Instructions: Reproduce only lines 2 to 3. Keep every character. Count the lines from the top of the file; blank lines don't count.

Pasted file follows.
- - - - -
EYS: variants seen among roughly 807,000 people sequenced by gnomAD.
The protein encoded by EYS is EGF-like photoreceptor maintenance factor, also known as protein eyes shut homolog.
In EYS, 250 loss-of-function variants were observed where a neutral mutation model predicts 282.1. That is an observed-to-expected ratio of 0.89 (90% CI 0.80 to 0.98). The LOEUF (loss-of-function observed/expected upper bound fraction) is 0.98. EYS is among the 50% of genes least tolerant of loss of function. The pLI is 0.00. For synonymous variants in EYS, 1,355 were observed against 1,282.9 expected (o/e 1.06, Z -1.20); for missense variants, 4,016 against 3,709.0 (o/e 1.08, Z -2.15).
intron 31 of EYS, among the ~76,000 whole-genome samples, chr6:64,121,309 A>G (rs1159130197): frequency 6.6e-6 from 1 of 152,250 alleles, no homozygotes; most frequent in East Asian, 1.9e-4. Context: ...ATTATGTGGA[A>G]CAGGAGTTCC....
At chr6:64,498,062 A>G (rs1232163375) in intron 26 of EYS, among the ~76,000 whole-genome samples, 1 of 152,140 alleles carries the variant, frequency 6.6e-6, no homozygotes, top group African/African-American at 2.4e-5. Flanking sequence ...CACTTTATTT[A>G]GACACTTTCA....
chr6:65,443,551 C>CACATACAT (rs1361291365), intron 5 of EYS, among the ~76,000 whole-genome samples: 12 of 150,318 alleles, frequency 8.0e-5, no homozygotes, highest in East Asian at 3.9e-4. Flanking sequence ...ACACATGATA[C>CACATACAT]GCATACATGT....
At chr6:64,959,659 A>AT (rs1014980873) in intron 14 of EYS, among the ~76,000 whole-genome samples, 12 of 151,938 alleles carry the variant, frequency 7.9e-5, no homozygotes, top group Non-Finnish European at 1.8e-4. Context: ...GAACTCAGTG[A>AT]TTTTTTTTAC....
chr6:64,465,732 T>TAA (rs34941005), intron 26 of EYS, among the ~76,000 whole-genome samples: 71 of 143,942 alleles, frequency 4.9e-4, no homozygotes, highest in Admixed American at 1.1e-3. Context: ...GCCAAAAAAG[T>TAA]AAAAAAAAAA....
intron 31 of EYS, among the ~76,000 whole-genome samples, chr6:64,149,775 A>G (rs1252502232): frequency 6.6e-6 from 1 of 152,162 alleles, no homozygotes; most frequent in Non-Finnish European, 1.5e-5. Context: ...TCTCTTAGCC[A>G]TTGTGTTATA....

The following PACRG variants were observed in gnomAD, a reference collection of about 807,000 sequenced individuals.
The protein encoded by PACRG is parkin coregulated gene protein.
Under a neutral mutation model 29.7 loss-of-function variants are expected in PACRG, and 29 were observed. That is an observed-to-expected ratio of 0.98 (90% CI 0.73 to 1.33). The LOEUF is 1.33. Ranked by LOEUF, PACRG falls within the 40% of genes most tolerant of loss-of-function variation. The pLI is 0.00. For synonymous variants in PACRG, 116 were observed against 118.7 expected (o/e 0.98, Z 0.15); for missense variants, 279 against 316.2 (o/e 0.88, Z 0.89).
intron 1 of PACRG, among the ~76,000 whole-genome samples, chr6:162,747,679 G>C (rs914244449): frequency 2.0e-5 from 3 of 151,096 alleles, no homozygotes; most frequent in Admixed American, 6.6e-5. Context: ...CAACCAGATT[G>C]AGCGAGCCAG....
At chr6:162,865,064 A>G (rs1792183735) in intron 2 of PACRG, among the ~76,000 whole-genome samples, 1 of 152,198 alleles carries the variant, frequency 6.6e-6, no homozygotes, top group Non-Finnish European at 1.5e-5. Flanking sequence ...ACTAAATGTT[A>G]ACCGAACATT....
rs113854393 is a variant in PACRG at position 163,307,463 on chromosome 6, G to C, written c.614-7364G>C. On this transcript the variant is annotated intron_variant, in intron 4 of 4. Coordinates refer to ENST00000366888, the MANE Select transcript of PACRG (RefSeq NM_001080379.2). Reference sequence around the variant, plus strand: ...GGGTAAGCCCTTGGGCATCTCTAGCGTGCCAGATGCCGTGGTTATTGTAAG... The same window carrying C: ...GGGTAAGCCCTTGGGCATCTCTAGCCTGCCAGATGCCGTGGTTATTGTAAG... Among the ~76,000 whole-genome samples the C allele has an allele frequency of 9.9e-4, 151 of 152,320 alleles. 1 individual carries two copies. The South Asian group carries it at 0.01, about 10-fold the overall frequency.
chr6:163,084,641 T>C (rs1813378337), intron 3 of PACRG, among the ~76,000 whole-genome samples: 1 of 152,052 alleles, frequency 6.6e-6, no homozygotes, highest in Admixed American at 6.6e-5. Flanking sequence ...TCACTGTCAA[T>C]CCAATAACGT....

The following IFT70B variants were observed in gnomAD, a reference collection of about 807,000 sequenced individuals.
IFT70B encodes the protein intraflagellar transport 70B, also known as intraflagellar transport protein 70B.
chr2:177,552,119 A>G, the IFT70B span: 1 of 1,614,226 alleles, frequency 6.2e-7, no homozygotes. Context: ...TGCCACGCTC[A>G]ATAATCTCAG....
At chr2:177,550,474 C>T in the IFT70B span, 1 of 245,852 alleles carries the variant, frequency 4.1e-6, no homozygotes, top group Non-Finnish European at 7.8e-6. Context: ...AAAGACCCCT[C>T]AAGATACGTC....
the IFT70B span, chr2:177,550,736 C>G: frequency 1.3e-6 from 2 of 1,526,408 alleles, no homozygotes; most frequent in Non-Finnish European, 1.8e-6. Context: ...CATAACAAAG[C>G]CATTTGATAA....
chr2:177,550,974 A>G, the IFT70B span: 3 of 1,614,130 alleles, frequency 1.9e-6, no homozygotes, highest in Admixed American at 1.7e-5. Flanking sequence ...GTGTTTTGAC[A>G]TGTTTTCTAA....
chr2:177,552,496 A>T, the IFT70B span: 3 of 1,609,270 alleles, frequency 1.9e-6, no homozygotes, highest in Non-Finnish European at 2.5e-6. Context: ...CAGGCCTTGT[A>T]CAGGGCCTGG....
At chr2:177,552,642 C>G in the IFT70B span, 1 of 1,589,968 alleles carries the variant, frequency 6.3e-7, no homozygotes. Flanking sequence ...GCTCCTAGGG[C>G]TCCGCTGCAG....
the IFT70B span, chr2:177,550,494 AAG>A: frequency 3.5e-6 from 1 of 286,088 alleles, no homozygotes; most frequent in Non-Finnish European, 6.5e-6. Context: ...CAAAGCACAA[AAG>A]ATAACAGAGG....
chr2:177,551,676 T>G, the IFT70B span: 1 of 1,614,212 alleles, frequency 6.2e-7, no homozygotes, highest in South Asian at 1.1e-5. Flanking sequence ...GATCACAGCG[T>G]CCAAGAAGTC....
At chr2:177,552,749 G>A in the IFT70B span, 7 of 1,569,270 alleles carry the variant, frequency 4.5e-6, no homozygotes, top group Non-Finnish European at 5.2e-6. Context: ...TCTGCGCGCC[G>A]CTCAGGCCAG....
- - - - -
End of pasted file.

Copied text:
The protein encoded by EYS is EGF-like photoreceptor maintenance factor, also known as protein eyes shut homolog.
In EYS, 250 loss-of-function variants were observed where a neutral mutation model predicts 282.1. That is an observed-to-expected ratio of 0.89 (90% CI 0.80 to 0.98). The LOEUF (loss-of-function observed/expected upper bound fraction) is 0.98. EYS is among the 50% of genes least tolerant of loss of function. The pLI is 0.00. For synonymous variants in EYS, 1,355 were observed against 1,282.9 expected (o/e 1.06, Z -1.20); for missense variants, 4,016 against 3,709.0 (o/e 1.08, Z -2.15).